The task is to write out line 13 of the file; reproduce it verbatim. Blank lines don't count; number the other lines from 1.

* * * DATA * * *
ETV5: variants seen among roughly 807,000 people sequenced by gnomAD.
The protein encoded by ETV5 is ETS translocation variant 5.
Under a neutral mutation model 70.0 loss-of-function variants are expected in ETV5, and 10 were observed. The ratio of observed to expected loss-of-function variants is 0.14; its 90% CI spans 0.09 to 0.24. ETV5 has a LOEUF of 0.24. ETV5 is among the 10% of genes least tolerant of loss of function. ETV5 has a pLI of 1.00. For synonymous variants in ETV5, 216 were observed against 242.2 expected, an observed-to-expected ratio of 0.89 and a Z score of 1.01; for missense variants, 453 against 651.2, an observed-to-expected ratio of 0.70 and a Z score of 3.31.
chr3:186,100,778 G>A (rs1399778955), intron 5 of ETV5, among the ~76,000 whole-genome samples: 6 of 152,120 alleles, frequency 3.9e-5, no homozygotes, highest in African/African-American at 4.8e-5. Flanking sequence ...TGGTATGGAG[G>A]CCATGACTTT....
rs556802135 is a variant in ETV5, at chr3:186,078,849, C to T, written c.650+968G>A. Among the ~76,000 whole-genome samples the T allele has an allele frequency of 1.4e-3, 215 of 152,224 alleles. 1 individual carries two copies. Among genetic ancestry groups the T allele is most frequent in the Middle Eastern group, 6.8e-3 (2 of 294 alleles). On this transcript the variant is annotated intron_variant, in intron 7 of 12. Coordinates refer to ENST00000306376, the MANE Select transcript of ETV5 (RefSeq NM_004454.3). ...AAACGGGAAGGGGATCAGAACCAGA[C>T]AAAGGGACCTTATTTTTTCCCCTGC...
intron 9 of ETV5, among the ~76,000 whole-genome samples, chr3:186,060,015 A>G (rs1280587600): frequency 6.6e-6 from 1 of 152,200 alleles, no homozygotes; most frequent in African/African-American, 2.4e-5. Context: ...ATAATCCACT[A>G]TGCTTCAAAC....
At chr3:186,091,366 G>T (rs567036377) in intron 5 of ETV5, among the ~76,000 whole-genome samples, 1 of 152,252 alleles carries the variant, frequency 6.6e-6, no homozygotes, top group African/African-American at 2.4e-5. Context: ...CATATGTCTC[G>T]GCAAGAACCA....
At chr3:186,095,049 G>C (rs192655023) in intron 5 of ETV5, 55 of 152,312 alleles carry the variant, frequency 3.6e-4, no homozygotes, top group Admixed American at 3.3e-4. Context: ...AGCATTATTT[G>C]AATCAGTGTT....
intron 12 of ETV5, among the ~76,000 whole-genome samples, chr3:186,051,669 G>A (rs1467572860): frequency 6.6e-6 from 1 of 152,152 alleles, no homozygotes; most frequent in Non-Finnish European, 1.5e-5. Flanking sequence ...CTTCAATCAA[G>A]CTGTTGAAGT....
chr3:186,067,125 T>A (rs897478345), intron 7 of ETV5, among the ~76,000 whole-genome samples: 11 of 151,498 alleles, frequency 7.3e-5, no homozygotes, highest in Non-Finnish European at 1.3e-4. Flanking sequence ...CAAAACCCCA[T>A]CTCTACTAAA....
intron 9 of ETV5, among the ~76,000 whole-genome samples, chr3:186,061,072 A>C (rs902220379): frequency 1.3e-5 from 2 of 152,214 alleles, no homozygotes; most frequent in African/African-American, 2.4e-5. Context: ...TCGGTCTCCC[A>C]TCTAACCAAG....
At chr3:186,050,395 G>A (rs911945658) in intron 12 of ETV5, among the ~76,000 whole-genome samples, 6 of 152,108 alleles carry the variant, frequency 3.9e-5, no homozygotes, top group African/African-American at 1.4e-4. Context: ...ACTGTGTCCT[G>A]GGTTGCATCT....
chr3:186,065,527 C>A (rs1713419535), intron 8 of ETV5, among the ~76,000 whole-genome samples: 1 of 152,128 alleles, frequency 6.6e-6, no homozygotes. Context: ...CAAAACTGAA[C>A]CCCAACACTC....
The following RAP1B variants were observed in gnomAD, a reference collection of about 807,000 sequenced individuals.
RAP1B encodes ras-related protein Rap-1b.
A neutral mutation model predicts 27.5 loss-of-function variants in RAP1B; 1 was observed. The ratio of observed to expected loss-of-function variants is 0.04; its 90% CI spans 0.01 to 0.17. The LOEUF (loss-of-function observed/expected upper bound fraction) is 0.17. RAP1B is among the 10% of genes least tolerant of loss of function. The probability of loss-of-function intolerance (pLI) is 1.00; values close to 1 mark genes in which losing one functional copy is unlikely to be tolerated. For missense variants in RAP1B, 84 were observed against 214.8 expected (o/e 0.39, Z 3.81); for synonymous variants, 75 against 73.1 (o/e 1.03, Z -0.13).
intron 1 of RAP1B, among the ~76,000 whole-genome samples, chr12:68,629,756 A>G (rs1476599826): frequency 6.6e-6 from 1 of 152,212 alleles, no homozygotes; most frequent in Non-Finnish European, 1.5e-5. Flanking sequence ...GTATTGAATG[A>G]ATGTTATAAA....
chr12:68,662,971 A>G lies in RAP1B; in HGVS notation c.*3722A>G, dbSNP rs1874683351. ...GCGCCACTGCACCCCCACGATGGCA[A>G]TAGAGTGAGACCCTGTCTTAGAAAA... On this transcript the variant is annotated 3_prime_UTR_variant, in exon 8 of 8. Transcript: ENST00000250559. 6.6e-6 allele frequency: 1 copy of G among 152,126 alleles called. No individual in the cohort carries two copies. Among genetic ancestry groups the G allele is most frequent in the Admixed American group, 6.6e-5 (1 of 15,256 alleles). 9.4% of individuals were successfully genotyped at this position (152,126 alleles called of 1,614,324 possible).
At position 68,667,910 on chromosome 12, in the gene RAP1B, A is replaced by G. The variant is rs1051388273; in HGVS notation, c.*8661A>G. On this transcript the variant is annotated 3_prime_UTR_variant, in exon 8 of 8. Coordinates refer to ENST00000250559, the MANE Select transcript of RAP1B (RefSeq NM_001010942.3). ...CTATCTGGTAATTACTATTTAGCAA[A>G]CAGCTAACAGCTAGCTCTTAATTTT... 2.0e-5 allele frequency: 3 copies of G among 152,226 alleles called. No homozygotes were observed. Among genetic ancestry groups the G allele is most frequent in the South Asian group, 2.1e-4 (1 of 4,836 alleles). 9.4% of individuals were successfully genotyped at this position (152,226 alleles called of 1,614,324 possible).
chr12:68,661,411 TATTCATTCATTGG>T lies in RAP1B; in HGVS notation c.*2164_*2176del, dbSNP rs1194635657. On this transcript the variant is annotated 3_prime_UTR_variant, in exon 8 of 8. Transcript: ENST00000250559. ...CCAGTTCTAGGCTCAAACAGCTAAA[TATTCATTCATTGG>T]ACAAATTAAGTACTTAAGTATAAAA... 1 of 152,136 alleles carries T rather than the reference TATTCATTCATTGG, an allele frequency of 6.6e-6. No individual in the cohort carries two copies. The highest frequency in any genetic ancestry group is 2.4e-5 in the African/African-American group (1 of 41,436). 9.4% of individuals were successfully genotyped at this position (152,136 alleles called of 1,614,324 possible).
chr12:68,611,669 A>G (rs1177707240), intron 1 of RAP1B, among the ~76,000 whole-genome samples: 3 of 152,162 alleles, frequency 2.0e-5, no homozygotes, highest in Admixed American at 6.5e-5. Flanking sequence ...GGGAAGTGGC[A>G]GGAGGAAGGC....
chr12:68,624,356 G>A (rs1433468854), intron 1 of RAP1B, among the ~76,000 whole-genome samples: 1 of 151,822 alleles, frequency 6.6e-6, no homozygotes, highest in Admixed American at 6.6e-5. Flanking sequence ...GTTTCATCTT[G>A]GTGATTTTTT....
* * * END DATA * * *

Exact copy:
chr3:186,065,527 C>A (rs1713419535), intron 8 of ETV5, among the ~76,000 whole-genome samples: 1 of 152,128 alleles, frequency 6.6e-6, no homozygotes. Context: ...CAAAACTGAA[C>A]CCCAACACTC....